Older adults need to stay in touch to avoid loneliness during social distancing

Published: by Jeannette Sanchez

As COVID-19 continues to spread across the U.S., social distancing is now the byword for prevention. But for older adults who may already be experiencing loneliness, further isolation could be bad for their health.

“Loneliness can lead to depression, suppressing the immune system and compromising health in high-risk patients and especially older adults,” said Carmel B. Dyer, MD, executive director of The University of Texas Health Science Center at Houston (UTHealth) Consortium on Aging.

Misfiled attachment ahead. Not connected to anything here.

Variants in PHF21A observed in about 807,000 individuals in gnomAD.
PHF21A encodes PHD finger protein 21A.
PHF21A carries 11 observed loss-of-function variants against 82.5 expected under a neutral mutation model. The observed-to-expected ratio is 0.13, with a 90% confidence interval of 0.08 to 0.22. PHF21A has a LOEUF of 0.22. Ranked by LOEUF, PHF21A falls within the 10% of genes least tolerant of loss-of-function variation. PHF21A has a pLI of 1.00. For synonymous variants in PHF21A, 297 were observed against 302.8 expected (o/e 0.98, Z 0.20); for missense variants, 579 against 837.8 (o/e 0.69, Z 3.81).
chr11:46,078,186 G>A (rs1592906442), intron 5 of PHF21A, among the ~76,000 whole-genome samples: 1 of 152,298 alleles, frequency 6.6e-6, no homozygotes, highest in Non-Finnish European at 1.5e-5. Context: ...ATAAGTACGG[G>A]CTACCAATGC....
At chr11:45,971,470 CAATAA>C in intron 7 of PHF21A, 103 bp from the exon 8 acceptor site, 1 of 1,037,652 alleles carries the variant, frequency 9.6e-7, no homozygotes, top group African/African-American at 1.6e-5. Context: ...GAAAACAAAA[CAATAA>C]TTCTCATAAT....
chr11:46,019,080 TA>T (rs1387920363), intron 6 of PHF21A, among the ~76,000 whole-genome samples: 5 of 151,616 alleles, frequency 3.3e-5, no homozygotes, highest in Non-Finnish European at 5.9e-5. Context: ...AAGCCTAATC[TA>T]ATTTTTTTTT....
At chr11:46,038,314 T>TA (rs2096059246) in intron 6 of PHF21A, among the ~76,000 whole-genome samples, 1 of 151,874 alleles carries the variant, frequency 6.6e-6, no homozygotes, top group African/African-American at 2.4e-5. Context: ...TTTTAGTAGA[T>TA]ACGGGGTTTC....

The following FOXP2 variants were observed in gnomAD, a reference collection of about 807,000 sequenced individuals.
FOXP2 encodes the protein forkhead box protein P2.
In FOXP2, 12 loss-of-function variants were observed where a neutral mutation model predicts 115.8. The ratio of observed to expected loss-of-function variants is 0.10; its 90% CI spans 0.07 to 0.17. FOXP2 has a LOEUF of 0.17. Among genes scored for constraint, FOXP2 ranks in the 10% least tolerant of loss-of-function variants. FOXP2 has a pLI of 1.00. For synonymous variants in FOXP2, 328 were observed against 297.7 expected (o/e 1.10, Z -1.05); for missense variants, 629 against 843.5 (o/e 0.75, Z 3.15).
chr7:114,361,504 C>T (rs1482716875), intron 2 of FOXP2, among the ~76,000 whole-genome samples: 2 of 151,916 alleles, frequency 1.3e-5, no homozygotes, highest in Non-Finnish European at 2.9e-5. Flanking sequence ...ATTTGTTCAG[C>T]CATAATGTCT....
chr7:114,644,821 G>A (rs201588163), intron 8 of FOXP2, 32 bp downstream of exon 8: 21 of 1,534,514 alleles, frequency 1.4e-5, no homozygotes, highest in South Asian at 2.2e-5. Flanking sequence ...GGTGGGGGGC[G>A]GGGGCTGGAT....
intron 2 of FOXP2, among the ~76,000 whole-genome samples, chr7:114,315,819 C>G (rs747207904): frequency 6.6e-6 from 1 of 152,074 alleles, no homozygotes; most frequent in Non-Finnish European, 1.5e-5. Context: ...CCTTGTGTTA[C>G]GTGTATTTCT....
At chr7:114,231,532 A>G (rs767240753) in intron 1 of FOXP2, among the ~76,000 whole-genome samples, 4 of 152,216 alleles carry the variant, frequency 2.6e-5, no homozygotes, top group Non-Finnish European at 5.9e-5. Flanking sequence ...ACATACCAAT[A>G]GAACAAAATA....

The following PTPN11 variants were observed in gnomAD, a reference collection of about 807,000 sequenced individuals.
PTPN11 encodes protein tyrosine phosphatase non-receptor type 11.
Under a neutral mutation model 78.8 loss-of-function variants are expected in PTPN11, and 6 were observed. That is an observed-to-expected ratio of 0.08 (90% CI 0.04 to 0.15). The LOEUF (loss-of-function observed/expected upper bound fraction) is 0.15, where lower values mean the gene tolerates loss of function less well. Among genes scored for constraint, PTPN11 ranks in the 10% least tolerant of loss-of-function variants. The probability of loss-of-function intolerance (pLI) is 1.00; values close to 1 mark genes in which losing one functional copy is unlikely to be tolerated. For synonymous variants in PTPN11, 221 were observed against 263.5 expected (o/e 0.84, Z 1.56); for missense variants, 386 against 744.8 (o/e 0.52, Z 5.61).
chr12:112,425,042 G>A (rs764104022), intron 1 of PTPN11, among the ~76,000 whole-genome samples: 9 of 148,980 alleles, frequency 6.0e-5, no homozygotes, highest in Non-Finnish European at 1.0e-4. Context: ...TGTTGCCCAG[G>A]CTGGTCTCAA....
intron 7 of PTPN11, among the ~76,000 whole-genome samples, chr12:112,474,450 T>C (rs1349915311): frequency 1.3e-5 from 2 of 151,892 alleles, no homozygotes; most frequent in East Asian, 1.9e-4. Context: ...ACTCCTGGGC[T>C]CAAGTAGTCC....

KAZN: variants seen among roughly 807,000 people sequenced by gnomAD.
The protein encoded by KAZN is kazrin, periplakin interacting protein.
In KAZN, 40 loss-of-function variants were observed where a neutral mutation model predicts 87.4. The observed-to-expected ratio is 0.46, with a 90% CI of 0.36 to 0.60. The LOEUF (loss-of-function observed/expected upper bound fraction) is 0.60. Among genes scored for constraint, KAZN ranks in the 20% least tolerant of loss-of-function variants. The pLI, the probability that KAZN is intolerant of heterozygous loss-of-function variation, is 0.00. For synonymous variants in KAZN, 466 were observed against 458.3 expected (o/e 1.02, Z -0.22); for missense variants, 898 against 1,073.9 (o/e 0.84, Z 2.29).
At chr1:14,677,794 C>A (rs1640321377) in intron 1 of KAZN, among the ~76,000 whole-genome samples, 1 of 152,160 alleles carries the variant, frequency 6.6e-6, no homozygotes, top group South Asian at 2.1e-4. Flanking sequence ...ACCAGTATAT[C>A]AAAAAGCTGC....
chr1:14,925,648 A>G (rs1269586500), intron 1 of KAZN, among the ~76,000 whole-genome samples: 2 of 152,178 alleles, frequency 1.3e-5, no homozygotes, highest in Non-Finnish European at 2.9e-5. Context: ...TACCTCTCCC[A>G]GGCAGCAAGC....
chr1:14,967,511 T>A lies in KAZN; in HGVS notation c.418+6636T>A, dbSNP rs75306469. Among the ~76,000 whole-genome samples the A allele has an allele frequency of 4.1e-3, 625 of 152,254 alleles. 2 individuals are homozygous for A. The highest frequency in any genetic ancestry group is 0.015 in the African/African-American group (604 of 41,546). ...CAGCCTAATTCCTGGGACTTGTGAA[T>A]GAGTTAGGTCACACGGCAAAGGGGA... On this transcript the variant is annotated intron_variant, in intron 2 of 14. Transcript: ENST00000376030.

To help avoid loneliness, Dyer and experts at the consortium have tips on how older adults can feel less isolated during a time when social distancing is the best way to stay safe.

James Booker, PhD, administrative director of the Consortium on Aging, suggested older adults who want to enhance their knowledge of technology visit SeniorNet or U3A Online. Children, grandchildren, or friends can also be contacted for tech support.

Stay informed by following updates on the UTHealth COVID-19 resources pageHarris County Public HealthTexas Department of State Health ServicesCDC, and World Health Organization.

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